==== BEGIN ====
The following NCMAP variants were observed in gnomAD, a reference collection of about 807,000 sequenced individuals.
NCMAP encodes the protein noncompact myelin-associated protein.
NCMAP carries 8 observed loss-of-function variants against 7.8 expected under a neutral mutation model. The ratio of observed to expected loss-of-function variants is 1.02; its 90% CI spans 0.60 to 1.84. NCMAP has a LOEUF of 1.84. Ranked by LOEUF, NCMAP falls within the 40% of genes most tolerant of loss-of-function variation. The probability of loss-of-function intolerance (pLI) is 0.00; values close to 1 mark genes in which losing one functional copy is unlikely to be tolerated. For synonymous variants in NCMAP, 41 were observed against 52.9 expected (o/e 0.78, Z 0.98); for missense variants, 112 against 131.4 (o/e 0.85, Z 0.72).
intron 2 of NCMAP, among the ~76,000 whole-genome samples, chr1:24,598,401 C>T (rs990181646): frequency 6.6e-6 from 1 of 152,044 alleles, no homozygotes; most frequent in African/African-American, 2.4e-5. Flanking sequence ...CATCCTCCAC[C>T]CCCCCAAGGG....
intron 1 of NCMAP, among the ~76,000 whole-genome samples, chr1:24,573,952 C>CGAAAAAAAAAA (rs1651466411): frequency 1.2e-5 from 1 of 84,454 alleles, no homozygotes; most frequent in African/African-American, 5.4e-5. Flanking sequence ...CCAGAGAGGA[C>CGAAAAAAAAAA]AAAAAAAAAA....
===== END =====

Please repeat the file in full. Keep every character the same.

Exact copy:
The following NCMAP variants were observed in gnomAD, a reference collection of about 807,000 sequenced individuals.
NCMAP encodes the protein noncompact myelin-associated protein.
NCMAP carries 8 observed loss-of-function variants against 7.8 expected under a neutral mutation model. The ratio of observed to expected loss-of-function variants is 1.02; its 90% CI spans 0.60 to 1.84. NCMAP has a LOEUF of 1.84. Ranked by LOEUF, NCMAP falls within the 40% of genes most tolerant of loss-of-function variation. The probability of loss-of-function intolerance (pLI) is 0.00; values close to 1 mark genes in which losing one functional copy is unlikely to be tolerated. For synonymous variants in NCMAP, 41 were observed against 52.9 expected (o/e 0.78, Z 0.98); for missense variants, 112 against 131.4 (o/e 0.85, Z 0.72).
intron 2 of NCMAP, among the ~76,000 whole-genome samples, chr1:24,598,401 C>T (rs990181646): frequency 6.6e-6 from 1 of 152,044 alleles, no homozygotes; most frequent in African/African-American, 2.4e-5. Flanking sequence ...CATCCTCCAC[C>T]CCCCCAAGGG....
intron 1 of NCMAP, among the ~76,000 whole-genome samples, chr1:24,573,952 C>CGAAAAAAAAAA (rs1651466411): frequency 1.2e-5 from 1 of 84,454 alleles, no homozygotes; most frequent in African/African-American, 5.4e-5. Flanking sequence ...CCAGAGAGGA[C>CGAAAAAAAAAA]AAAAAAAAAA....